By Carlo Muñoz - 04/02/13 07:47 PM EDT
Defense Secretary Chuck Hagel will take the same pay cut as the 750,000 civilian Pentagon employees slated for furloughs in the coming months.
Hagel and Deputy Defense Secretary Ash Carter plan to voluntarily hand over 14 days of pay back to the Treasury Department, as a sign of solidarity with the Pentagon employees who are being forced to take the same cut via furloughs.
"My understanding is ... that there is a legal way to actually write a check, if you will, back to the U.S. Treasury," Little said, regarding how both senior DOD officials would be able to adapt their pay scales to furlough levels.
Carter informed Congress he would be willing to take a pay cut, commensurate with proposed furloughs, during testimony on the department's fiscal situation under sequestration earlier this year.
Hagel announced last Thursday that 750,000 civilian employees will be furloughed for 14 days instead of the 22 days initially projected by the Pentagon.
Keeping workers at home and not paying them for the 14 days between now and Sept. 30 will save $2.5 billion, Hagel said at the time.
That money will go toward DOD's $41 billion share of the automatic, across-the-board budget cuts triggered when sequestration went into effect on March 1.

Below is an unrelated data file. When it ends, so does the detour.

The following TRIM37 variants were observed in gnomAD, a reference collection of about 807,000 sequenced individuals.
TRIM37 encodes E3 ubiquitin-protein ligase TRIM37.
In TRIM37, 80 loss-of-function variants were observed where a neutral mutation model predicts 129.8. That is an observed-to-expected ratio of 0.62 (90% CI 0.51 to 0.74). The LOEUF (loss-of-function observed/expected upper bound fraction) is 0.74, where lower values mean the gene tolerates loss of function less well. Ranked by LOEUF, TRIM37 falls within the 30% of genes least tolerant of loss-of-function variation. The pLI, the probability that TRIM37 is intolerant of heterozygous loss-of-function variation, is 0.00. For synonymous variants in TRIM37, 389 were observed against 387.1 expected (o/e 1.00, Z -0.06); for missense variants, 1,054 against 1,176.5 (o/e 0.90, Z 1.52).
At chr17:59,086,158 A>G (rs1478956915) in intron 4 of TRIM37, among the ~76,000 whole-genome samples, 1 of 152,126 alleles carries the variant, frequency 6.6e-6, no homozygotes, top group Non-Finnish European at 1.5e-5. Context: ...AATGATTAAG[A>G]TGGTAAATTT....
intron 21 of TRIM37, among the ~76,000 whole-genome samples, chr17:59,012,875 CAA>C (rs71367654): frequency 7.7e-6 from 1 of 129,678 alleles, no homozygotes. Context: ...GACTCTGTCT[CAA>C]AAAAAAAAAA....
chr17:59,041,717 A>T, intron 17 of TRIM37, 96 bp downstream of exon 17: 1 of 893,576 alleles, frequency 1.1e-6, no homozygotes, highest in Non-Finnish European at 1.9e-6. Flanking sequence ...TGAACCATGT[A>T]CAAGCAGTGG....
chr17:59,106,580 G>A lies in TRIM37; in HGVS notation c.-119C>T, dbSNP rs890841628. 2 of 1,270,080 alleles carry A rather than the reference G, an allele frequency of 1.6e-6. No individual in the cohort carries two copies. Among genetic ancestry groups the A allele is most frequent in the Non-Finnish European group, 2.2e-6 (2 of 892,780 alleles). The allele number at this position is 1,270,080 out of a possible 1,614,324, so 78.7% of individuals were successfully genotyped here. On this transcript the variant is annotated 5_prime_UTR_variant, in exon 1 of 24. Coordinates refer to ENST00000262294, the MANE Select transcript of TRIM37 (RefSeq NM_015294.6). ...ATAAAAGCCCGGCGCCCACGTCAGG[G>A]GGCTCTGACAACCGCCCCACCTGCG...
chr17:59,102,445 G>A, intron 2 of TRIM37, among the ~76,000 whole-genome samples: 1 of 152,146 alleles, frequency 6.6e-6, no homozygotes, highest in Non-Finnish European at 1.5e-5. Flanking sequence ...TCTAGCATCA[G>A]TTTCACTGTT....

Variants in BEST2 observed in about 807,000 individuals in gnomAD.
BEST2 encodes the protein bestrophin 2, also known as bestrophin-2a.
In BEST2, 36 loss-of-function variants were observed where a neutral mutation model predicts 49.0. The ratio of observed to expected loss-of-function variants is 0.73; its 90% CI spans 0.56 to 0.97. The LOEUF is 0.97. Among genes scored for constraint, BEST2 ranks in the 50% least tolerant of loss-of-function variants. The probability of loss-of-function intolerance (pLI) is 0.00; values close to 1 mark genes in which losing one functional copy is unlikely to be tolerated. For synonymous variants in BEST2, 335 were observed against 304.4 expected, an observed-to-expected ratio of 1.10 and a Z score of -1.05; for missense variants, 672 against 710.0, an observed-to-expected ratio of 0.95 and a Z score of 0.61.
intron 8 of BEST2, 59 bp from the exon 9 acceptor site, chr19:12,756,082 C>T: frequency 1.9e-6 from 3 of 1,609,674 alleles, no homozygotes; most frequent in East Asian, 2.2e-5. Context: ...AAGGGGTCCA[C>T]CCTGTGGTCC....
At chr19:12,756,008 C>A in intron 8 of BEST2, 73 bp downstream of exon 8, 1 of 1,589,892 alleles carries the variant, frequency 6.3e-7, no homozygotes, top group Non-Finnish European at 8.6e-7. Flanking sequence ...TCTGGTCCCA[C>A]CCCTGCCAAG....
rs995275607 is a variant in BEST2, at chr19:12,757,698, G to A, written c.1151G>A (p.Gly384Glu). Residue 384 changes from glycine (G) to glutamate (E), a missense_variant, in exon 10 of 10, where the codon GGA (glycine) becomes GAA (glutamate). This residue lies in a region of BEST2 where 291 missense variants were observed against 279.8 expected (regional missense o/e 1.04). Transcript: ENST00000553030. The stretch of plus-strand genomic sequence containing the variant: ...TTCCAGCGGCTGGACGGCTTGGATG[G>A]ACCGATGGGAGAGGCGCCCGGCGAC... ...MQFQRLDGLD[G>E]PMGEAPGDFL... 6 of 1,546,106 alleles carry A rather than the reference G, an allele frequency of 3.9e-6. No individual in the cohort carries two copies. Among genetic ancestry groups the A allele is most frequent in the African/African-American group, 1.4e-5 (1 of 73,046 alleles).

DOD officials told reporters last week the department was still considering extending the furloughs beyond September, if the White House and Congress can't reach a deal to replace the sequester cuts in the Pentagon's fiscal year 2014 budget plan.
Both sides have said it would be good to repeal sequestration in the DOD budget plan, set to hit Capitol Hill next week.
However, Democrats and the GOP remain at odds over the administration's demand for additional tax hikes and Republicans' push for deeper spending cuts.
On Monday, DOD Comptroller Bob Hale said that even if a sequestration deal cannot be reached this fiscal year, the Pentagon will not initiate a new round of furloughs.
"We will look for other options. They may not be pleasant, and they may force us into some difficult choices. But we definitely don't want to repeat what we're doing now," Hale said during a Web conference sponsored by the Association of Government Accountants.
"We want to start doing this with more of a scalpel and less of a meat ax. We'll have to get smaller and we'll have to look at some areas where we can take some more risk," he added at the time.